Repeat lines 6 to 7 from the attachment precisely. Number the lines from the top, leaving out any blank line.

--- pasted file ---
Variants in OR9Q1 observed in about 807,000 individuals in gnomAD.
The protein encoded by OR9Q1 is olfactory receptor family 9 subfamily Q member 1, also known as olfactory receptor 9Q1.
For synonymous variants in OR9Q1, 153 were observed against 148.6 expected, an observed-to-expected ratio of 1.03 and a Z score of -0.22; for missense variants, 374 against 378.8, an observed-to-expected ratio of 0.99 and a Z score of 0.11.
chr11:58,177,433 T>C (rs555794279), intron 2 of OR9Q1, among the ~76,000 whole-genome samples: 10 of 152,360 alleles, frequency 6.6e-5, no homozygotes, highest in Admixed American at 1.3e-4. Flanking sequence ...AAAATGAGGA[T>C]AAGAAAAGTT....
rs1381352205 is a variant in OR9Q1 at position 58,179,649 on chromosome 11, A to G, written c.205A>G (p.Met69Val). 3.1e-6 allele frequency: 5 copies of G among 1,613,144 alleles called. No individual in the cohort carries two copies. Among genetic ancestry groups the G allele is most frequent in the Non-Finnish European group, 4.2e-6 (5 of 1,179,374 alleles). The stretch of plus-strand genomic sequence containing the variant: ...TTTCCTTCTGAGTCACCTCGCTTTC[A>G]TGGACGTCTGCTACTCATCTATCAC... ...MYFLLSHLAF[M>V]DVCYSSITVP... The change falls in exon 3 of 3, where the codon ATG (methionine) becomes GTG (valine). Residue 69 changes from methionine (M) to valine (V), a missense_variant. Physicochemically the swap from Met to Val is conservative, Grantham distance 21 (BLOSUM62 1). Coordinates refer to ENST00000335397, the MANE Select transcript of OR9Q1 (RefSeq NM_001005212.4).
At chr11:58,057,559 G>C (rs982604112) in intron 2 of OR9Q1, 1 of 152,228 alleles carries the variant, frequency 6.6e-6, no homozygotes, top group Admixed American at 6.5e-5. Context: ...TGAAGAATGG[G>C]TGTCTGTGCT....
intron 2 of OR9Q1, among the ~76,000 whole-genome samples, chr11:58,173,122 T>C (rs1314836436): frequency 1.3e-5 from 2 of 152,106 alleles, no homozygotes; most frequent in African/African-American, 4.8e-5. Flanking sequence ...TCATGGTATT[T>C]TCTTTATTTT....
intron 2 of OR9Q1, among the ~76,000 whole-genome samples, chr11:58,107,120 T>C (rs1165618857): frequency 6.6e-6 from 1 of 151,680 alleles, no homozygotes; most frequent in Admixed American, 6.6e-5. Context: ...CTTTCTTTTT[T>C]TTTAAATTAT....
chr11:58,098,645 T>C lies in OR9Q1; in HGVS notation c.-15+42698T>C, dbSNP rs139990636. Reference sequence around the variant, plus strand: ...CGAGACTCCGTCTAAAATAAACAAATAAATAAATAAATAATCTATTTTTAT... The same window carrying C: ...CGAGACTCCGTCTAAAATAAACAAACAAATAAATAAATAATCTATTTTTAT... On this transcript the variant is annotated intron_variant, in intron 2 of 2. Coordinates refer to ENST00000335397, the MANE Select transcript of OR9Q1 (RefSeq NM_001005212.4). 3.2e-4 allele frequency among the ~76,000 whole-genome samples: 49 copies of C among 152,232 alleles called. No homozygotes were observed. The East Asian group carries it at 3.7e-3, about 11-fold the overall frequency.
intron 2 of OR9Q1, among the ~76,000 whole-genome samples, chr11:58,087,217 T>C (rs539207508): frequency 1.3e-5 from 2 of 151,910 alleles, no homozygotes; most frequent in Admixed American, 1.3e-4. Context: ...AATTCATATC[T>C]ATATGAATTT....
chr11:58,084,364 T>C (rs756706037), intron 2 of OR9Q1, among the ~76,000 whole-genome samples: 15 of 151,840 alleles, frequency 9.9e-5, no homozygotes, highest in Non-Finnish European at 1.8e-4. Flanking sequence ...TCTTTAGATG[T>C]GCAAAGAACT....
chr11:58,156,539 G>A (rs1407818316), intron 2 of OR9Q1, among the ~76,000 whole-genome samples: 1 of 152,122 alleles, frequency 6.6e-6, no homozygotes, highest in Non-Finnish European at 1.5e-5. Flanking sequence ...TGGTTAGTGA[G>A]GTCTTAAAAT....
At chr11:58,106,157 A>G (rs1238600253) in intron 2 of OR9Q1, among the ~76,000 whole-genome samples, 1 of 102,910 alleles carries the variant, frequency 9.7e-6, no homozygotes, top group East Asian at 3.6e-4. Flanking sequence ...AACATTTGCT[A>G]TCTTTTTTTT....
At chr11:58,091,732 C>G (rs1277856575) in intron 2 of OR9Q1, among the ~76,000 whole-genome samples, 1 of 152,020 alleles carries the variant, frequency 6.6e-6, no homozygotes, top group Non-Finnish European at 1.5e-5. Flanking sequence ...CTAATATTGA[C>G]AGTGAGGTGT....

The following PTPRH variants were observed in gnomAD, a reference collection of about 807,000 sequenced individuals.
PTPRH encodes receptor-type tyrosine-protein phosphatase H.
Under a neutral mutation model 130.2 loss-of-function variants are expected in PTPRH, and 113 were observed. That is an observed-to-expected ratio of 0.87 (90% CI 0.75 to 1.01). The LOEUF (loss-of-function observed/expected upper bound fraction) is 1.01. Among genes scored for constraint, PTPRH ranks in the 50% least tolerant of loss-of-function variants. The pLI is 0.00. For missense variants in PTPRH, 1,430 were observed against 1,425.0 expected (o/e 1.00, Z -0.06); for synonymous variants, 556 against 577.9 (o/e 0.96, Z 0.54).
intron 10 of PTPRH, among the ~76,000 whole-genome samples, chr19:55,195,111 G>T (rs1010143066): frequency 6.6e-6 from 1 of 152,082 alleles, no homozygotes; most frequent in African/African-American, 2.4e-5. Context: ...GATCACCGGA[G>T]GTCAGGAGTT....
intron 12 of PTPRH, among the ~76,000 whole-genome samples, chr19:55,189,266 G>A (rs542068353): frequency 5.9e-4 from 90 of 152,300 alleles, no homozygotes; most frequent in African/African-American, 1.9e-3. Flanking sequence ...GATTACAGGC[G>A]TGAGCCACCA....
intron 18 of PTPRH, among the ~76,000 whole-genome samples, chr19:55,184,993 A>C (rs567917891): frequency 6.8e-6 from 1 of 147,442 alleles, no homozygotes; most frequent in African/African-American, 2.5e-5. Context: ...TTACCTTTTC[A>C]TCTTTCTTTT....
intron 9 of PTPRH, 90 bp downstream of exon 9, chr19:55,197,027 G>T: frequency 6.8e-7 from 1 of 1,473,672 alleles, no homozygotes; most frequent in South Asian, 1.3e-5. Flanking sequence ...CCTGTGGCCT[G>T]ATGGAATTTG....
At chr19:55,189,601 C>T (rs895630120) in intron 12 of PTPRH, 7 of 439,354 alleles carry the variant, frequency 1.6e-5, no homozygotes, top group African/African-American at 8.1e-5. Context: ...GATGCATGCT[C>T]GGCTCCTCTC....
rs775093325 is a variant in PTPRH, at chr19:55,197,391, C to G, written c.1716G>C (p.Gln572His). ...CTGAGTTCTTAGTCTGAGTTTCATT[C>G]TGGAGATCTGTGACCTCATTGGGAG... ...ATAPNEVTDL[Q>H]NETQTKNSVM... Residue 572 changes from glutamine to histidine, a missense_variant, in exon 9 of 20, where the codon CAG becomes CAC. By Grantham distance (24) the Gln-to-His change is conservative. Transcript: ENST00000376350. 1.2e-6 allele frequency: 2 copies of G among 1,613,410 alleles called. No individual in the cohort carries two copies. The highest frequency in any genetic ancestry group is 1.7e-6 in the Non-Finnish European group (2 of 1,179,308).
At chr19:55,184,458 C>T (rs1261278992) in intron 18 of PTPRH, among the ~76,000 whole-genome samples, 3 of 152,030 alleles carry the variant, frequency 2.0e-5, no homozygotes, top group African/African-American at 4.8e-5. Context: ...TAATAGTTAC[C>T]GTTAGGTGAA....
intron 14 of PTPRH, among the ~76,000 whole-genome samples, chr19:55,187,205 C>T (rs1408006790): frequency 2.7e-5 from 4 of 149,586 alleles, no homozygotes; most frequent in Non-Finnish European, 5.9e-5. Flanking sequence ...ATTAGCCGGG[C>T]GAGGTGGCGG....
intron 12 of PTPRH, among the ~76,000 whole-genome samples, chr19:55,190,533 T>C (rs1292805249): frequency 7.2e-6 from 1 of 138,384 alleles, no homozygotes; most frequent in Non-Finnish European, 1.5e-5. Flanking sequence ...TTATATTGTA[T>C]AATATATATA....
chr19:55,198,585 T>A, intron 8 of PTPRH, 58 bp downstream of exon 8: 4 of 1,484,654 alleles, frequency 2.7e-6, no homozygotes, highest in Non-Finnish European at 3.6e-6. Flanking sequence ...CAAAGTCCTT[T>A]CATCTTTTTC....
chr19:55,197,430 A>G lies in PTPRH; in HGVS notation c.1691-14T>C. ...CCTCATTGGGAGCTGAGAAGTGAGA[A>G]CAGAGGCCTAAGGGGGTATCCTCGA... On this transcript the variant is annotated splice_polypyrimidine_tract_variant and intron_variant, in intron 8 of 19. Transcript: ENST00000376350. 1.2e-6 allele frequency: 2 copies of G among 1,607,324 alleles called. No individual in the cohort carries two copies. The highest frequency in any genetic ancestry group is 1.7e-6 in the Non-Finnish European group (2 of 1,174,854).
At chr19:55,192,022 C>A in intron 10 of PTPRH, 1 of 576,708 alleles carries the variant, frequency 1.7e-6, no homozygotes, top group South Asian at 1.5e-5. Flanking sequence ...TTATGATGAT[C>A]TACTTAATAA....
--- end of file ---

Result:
At chr11:58,057,559 G>C (rs982604112) in intron 2 of OR9Q1, 1 of 152,228 alleles carries the variant, frequency 6.6e-6, no homozygotes, top group Admixed American at 6.5e-5. Context: ...TGAAGAATGG[G>C]TGTCTGTGCT....
intron 2 of OR9Q1, among the ~76,000 whole-genome samples, chr11:58,173,122 T>C (rs1314836436): frequency 1.3e-5 from 2 of 152,106 alleles, no homozygotes; most frequent in African/African-American, 4.8e-5. Flanking sequence ...TCATGGTATT[T>C]TCTTTATTTT....